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G. Gutin et al. / Theoretical Computer Science 513 (2013) 124–128

Lemma 2. (See [5] .) There exists a constant c such that every graph H with minimum degree at least 3 and of order at least ck log k contains k edge-disjoint cycles. Such k cycles can be found in polynomial time.

The fact that the k cycles in Lemma 2 can be found in polynomial time is not mentioned in [5], but it is easy to deduce it from the greedy algorithm given in the proof of the lemma in [5]. The greedy algorithm repeatedly chooses a shortest cycle (k times) and deletes it from H . Since a shortest cycle can be found in polynomial time [11], the algorithm is polynomial. Note that the result of Lemma 2 also holds for multigraphs as if there are parallel edges then there is a cycle of length two. In the proof of the next lemma, we will use the following well-known fact: there is an optimal solution T of the CPP on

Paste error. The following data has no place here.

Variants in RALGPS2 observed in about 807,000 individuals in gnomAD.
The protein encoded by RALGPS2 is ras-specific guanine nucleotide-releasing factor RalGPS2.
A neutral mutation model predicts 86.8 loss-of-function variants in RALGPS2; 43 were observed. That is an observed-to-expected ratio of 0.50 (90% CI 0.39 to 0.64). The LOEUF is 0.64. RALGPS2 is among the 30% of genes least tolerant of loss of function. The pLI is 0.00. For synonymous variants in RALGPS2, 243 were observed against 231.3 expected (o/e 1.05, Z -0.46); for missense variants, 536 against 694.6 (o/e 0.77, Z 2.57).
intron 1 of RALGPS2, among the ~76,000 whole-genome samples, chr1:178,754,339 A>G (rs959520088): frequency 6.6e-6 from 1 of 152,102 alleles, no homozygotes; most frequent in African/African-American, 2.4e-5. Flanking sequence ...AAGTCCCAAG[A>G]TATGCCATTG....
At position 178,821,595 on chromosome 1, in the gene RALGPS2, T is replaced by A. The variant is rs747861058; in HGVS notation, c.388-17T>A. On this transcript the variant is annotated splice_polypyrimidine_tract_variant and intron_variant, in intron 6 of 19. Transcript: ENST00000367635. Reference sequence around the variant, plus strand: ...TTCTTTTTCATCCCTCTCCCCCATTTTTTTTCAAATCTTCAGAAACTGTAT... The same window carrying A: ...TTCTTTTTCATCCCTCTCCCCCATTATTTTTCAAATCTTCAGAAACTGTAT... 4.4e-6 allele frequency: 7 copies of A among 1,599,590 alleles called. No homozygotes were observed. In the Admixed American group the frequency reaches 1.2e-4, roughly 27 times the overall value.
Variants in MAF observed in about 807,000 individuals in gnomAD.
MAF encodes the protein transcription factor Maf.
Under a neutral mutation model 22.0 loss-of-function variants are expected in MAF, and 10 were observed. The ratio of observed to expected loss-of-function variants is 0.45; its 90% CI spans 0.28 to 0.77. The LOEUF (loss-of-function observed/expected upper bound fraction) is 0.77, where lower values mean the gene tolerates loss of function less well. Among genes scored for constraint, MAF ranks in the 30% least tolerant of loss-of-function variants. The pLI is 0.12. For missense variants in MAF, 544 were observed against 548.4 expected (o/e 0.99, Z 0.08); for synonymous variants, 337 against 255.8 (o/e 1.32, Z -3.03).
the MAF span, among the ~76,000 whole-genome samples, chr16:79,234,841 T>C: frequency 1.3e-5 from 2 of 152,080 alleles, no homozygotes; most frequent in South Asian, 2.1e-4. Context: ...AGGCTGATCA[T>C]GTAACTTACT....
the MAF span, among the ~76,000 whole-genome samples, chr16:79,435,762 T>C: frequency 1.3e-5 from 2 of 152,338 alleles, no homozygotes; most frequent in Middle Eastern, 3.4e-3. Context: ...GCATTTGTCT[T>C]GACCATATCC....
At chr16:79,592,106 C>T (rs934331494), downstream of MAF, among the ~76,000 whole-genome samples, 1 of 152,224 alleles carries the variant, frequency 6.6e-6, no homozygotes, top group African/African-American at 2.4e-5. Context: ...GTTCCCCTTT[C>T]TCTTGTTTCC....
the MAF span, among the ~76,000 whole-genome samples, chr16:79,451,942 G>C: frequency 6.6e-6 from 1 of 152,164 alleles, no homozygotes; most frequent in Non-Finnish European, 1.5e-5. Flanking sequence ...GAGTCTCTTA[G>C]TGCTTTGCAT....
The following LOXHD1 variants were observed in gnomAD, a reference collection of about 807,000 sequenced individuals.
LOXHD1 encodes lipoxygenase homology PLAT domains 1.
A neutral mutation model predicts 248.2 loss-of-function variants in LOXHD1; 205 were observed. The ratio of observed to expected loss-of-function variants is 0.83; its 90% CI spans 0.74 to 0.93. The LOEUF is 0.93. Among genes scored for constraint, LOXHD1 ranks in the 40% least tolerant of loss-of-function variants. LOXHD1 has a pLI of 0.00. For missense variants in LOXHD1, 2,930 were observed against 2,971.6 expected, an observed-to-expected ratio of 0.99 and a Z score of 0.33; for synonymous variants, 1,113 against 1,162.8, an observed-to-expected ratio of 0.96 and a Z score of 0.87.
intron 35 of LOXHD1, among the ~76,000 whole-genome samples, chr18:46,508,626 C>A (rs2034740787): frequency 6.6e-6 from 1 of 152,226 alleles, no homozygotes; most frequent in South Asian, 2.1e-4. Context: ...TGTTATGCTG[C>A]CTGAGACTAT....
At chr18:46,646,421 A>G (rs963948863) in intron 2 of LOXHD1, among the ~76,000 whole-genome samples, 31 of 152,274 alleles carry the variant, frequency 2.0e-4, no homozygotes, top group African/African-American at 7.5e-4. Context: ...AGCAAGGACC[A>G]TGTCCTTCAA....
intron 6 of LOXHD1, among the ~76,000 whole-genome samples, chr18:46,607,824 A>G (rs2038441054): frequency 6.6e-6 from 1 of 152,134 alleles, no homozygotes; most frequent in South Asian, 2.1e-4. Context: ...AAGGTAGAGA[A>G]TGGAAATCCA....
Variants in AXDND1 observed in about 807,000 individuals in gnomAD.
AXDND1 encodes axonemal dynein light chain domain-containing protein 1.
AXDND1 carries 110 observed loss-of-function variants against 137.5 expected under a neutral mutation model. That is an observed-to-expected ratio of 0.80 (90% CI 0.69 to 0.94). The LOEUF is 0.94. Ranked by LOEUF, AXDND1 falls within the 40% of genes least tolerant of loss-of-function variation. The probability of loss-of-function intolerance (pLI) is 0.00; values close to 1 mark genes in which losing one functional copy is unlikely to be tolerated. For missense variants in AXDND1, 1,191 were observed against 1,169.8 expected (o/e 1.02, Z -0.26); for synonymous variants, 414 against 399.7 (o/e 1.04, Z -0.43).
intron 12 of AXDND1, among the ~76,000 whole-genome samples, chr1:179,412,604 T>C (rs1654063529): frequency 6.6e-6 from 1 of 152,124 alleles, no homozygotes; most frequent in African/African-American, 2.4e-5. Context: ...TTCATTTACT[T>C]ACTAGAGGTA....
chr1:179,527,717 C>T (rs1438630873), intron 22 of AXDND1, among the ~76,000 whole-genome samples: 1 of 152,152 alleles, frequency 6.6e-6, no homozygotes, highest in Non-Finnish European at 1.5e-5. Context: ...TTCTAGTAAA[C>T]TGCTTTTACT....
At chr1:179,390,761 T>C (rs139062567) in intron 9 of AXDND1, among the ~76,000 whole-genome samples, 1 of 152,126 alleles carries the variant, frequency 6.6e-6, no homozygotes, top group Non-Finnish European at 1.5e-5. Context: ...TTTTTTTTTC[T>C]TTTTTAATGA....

G which uses at most two copies of every edge of G and such a solution can be found in polynomial time, see, e.g., [6].

Lemma 3. If | V 1 | k or | V 3 | ck log k + k, where c is given in Lemma 2, then an optimal solution for the k-CPP on G is of the same weight as an optimal solution for the CPP on G. Moreover, an optimal solution for the k-CPP on G can be obtained in polynomial time.

Proof. Let V 1 = { v 1 , v r } with r k and let w i be the neighbour of v i . Now, ﬁnd in polynomial time an optimal solu- tion T for the CPP on G . In G T every vertex is of even degree, hence G T contains two copies of the edge v i w i for every 1 i r , thus giving at least k edge-disjoint 2-cycles. We conclude by Lemma 1. Now, assume | V 1 | k and | V 3 | ck log k + k . Remove all vertices of degree 1 and bypass all vertices of degree 2. The resulting multigraph contains at least ck log k vertices and has minimum degree at least three, hence by Lemma 2 it contains at least k edge-disjoint cycles, which can be found in polynomial time. Therefore, in polynomial time we are able to ﬁnd at least k edge-disjoint cycles in G and we conclude using Lemma 1 (note that for every optimal solution T for the CPP on G , G T is a supergraph of G ).

,